A key part of any development that I do is create some form of a design. For anyone who has gone through programming classes in school, the design process is fairly limited. Most of the time, students will go right to the code. That has not been my experience in the real world.
I generally go through an entire process when I’m about to start developing something. I may even start doing this months in advance depending on the scope.
Speaking of scope, I’m going to limit my scope for what I think a design is by starting with what I think they are not. A design is not a detailed account of the implementation of your solution. It should not be filled with code unless it’s an API that will be used by others (still a little iffy though).
To me, a design is a high level overview of what your plan is. It contains information on what the problem is, maybe some mock ups, and what your solution to the problem is at a high level. I generally do these things in that order, and there’s a reason why.
Identify the problems
You need to have a full understanding of the problem that you plan to fix. An understanding of the problem guides the rest of the process. It means you understand the workflow and what users are experiencing. Once you determine the high level problem you can figure out what how it should actually behave.
From there, you can go a little low-level and determine where in the code the problem appears and what state causes the issue. Once you narrow down to where it lives in the code, you can analyze the code path that you take to get there. Here’s where the code can trick you.
At the low-level, the problem may not be where it appears on the surface. It could be a bug anywhere along the code path that could lead to the issue. A caller could be sending the wrong data to the function or something like that. This is really the point where you figure out the true root cause. After you have a full understanding, you move onto the next step.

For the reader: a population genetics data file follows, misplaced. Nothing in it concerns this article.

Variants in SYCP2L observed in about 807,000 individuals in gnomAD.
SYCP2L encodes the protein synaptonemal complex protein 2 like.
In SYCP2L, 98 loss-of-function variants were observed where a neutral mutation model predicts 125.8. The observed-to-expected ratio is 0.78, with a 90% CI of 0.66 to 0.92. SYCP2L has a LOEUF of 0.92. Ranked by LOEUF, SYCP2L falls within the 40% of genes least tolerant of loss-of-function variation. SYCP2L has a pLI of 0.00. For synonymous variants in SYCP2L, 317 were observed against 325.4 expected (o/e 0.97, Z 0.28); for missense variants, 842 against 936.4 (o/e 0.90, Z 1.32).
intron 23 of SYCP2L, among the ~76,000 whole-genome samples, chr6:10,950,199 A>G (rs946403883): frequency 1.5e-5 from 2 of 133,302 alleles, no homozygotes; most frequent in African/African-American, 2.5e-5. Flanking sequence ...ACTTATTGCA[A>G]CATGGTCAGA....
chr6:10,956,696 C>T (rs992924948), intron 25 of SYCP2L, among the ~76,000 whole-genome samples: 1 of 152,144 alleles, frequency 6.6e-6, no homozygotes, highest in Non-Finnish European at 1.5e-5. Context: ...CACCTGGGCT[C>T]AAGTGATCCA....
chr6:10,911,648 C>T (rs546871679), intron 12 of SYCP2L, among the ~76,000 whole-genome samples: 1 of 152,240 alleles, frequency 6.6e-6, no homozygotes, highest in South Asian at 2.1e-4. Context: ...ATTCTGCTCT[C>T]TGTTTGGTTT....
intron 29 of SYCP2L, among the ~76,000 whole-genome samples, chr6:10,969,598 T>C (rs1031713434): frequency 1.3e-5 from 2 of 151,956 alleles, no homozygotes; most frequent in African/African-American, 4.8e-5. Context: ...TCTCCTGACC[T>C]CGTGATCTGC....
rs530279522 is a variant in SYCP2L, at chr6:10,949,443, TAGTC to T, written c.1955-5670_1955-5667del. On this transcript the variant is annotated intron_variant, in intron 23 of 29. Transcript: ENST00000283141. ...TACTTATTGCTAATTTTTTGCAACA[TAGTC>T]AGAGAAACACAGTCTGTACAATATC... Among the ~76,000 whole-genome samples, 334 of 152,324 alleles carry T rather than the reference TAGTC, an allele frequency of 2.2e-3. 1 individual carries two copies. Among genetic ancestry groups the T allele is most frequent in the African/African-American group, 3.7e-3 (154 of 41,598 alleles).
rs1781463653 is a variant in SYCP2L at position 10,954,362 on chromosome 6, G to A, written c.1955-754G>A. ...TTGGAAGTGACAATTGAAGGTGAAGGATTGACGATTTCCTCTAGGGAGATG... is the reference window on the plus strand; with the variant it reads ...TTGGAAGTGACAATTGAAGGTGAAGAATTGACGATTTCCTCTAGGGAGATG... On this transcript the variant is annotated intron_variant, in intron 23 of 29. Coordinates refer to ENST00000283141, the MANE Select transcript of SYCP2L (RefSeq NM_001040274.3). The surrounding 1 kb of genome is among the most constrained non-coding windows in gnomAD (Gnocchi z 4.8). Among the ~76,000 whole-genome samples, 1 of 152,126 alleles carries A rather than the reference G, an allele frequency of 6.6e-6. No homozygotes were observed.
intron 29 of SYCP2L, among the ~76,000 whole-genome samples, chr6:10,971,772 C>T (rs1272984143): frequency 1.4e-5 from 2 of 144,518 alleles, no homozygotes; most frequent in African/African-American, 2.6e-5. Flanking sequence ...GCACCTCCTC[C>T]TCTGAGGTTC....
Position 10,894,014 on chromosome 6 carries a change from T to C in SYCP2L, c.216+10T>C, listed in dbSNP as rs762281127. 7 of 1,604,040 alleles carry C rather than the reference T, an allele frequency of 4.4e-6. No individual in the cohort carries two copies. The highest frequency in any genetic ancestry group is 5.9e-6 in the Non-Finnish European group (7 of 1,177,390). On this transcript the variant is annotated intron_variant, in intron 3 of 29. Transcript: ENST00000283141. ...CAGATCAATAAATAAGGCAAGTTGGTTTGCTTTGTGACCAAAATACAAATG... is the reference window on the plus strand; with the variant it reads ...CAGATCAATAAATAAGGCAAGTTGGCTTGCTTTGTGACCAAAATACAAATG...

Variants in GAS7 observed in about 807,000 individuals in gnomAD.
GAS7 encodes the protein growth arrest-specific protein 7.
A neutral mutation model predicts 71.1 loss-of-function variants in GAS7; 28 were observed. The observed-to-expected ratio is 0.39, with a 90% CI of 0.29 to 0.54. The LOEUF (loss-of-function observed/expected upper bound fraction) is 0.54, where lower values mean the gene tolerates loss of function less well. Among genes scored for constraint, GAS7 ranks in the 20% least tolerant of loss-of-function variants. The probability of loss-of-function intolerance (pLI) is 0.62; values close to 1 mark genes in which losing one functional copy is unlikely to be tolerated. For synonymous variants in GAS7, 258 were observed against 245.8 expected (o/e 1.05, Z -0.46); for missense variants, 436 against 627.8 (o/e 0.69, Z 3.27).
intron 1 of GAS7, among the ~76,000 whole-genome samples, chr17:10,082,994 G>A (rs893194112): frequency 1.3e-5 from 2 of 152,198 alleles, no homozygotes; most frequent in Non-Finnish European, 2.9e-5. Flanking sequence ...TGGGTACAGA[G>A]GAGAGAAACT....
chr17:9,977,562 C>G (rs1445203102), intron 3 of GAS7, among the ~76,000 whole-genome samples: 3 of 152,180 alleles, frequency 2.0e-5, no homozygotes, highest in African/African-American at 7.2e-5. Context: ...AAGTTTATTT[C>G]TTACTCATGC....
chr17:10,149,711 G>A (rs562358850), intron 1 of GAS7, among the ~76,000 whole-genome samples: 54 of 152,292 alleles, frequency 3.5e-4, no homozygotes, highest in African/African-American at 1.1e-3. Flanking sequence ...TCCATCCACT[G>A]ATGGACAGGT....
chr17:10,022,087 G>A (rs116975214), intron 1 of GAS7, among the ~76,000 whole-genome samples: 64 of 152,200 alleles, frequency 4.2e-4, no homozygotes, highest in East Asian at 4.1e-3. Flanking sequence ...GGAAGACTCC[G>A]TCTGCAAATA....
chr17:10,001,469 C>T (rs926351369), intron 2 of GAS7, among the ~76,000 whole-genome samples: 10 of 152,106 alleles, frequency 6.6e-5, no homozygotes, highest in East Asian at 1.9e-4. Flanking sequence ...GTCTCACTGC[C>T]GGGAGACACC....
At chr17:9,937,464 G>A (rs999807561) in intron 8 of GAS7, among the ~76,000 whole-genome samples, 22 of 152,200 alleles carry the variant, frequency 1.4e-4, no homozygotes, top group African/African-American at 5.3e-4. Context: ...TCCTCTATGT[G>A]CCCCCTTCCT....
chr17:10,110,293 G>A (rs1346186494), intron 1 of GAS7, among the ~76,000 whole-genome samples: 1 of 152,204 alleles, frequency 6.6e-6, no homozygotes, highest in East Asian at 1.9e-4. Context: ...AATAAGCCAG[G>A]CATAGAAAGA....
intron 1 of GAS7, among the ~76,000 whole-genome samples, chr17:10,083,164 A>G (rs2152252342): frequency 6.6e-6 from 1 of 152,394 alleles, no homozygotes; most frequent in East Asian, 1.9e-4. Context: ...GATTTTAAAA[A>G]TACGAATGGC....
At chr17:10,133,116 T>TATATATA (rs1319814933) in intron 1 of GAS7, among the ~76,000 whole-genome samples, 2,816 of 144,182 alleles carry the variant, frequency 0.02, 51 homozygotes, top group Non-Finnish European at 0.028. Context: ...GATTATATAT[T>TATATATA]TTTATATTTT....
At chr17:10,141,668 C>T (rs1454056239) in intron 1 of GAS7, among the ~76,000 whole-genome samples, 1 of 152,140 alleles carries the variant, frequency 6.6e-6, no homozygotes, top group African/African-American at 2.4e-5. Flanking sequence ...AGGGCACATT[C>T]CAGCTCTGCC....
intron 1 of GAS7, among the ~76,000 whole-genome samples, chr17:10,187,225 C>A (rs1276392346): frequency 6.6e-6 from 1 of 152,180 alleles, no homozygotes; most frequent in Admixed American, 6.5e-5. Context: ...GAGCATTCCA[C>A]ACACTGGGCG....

Describe the desired behavior
Using the information you gathered in the problem identification phase, you can most likely determine what the behavior should be. Here’s where you can describe what things should look like from the user perspective. This is a really good place to include mockups. There’s still not a whole ton in detail of the fix here.
Describe your solution
This is a high level overview of how you are going to fix your problem. This will be an area to write some pseudo code for your logic. You can also put some API information here if that’s the design’s purpose. Mainly you are answering the “how” here.
Answering the whys
Now that you’ve answered the “how” you will also need to explain the “why”. In my opinion, the why is the more important thing to answer (assuming you write decent code). The why gives a snapshot of the reasons you made your design decisions that you did at this time. You will most likely not understand the why just from reading code.
Why use that data structure?
Why update that file?
Why this specific UI change? (Always contentious)
Why is this the right fix?
It may seem obvious, but designs put down in concrete words what you are doing. It makes things less ambiguous. Someone could look at your code, and add something that you left out for a specific reason. If you document that reason, it’s more likely that someone will avoid the pitfall.
Some final thoughts
Ultimately, a design is a way of documenting the decisions that you have made. You are backing up your decisions with research, fact, and data. The other thing to realize is that your decisions will have consequences, and your design should outline some of those as well. It’s why the why is so important. If you have reasoning for your decisions and others that agree with you, it is helpful. Your decisions will inevitably upset someone, but a design helps you understand what you are doing and why. It gives support and weight to your decisions, and may answer soneone’s questions before they come looking for you.
One last thing on designs. Be mindful of the use of words like “just”. The link is a blog post from another developer, but it’s really worth the read. Using words like just gloss over some important details. Often those details are going to get you in the most trouble. Words like just should always prompt further questioning. In my experience, a lot of scope-creep lives in that word.